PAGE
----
The phone starts to ring, the doorbell goes off like an alarm, and well-meaning friends and family members start trooping through your home. Even though they promise not to stay long and insist that you not go to any trouble, you probably feel compelled to make them comfortable.
The standard advice is to limit visits. Sounds easy, but it's tough to tell your 89-year-old grandmother that she has to wait a few weeks to see her first great-grandchild. Besides, you appreciate all of those presents, flowers, and casseroles people deliver, and it's nice to be congratulated once in a while. Plus, of course, you want to show off your baby.
The key is to make visits as stress-free as possible. We'll show you how.
You've been through an arduous journey -- hey, it's called labor for a reason. As the demands and sleep deprivation increase, it's important to take care of yourself, along with the baby. Promise yourself you'll sleep when baby sleeps, kick out visitors when you're tired, and don't be too proud to ask for help.
When Gina Maggerd, of Neon, Kentucky, had her baby, she told herself, This is me, how I am after giving birth, and I am not going to fret trying to make everyone else feel comfortable.
Taking it easy also applies to the baby. "I made it a rule I would not wake the baby because someone was visiting," says Joyce Anthony, a mom from Erie, Pennsylvania. (Yes, people asked!)
Okay, so they're really not coming to see you; they're coming to see the baby. But even so, you don't want to greet visitors in those pajamas you've been lounging in for four days straight.
Set aside one outfit that is decent looking and comfy. Put it on before people visit, then pull it off after they leave so it stays reasonably clean. Store it in the same easily accessible place so you know where it is at a moment's notice. Or "throw a cardigan sweater over whatever pj's, sweats, or drooled-on clothes you are wearing," suggests Stacy DeBroff, author of The Mom Book -- 4,278 of Mom Central's Tips -- for Moms, from Moms (Free Press).
For quick touch-ups, create a beauty station in the family room or living room. Stash facial wipes, lip gloss, a small mirror, a brush, ponytail holders, and breath mints in a drawer or in a box under the couch. After a touch-up, no one will know that you haven't showered or brushed your teeth. Keep fresh nursing pads there as well so you can change them before or after company visits.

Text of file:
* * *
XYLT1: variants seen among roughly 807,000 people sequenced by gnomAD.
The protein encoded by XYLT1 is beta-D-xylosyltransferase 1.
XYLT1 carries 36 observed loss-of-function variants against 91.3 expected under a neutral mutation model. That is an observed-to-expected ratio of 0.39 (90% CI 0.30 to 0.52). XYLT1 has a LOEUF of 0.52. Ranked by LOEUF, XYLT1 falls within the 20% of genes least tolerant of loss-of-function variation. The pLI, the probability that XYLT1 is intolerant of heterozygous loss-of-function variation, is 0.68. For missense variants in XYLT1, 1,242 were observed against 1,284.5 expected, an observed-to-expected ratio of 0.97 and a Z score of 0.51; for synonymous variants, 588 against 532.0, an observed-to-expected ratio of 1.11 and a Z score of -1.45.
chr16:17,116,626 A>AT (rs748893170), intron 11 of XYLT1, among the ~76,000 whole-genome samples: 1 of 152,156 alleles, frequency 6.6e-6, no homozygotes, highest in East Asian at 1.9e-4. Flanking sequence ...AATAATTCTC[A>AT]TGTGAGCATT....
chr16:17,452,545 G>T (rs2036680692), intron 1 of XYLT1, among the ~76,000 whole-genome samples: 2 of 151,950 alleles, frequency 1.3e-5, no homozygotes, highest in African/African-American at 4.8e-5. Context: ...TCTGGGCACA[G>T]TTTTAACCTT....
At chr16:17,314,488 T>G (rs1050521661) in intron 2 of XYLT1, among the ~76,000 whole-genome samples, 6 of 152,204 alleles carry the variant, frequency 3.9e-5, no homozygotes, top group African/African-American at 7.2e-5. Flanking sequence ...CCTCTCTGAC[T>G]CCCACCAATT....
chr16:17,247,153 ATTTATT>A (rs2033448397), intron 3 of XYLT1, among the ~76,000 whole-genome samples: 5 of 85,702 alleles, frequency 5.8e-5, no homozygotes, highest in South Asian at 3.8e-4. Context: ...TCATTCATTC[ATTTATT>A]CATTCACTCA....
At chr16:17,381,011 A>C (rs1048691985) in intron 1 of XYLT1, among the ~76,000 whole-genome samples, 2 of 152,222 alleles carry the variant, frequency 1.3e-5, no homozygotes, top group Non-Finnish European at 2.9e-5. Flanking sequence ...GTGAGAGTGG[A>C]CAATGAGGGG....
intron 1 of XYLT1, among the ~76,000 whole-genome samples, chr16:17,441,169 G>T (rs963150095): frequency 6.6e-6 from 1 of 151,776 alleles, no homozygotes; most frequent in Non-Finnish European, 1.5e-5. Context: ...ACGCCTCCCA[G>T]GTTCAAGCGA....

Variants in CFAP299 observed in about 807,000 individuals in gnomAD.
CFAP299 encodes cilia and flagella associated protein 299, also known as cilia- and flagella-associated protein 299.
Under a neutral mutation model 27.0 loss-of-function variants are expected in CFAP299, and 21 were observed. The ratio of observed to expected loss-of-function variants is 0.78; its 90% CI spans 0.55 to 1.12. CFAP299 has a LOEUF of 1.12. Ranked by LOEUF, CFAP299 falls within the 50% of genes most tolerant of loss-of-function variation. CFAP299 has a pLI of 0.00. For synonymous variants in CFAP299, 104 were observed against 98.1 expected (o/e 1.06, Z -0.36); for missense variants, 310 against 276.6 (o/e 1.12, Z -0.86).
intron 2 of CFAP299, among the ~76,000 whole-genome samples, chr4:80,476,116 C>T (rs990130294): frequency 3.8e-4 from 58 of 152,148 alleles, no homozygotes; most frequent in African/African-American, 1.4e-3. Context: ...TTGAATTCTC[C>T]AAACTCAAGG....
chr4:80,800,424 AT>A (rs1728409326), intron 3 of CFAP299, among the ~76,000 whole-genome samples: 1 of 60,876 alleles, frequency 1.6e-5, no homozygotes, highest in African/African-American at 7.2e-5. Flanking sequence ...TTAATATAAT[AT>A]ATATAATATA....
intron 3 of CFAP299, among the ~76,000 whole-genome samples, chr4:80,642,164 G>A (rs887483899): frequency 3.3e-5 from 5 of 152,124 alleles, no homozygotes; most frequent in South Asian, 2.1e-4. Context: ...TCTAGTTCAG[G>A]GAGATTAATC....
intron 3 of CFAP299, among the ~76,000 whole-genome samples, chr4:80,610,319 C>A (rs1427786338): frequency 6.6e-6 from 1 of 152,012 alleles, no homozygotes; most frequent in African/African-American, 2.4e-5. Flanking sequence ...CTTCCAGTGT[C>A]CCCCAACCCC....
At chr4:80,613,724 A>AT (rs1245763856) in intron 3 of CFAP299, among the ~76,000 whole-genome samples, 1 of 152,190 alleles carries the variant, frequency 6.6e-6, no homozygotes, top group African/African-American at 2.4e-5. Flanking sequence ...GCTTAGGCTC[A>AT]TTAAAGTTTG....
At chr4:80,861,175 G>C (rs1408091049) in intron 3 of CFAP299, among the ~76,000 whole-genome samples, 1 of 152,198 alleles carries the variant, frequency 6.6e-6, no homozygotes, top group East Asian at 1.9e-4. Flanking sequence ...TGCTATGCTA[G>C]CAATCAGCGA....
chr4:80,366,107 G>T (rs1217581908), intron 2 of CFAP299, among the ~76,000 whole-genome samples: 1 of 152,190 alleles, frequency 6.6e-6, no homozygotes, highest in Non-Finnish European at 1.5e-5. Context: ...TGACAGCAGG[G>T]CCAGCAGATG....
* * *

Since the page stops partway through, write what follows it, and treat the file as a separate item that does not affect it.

A lack of sleep, coupled with your newfound responsibilities, makes it a challenge to keep your house from looking like a combat zone. Stop stressing about it. "Consider using just one room to entertain," says Maureen Wild, a certified hostess from The Protocol School of Washington, in Washington, D.C., which provides hospitality training for the diplomatic community. "It may be your living room, or family room, or if you live in a warm climate, the patio. Be a little more scrupulous about making this space enticing to guests." However, there's no need to go overboard: "The disorder is part of the charm," she adds.
While your partner may be pitching in like a champ, he won't know what you're stressing about if you don't tell him. It helps to have a plan in place for visits so you each know your roles. You should remain focused on staying comfortable. Before guests arrive, point out things he may have missed in his pre-visit cleanup. If you don't, it's going to irk you, and you may be tempted to clean it yourself. When guests arrive, let him handle food and drinks -- you can deal with presents and small talk. Decide that Dad will be the doorkeeper, responsible for getting people in, keeping them comfortable, and moving them out. If you want time to relax and chat with visitors, he'll be more than happy to step in for diaper duty or soothing your baby.
While you might be happy to introduce your new family member to guests, a long visit will only make you tired. Make it clear how long the social call will be by saying something like, "It would be great if you could stop by at 2. Just so you know, we're usually ready for a nap by 2:30."
Take charge of the visits. Michelle Palter, of Sea Cliff, New York, says, "I screened my calls. I'd call back in batches when I got the time and try to schedule visits in batches, too." Having three visits in one day simplifies the cleaning and straightening process too -- it's the same amount of work for three times as many guests.
Getting oblivious guests to leave can be a challenge, but there are discreet ways to make the point. "My trick was to simply say it was time to nurse and take the baby and leave the room," says Manton, Michigan, mom Ami Weaver. Her husband, Anthony, would put the baby down for a nap, "then mention how I usually took a nap when he did. People took the hint," she adds.
It's okay to be blunt and say, "Sorry for such a short visit, but it's time to feed the baby." Remember, visits are supposed to be fun. And with a little crowd control, you can revel in your newest family member.
Brette McWhorter Sember, a mother of two, is the author of Your Plus-Size Pregnancy (Barricade Books).
Originally published in American Baby magazine, March 2006.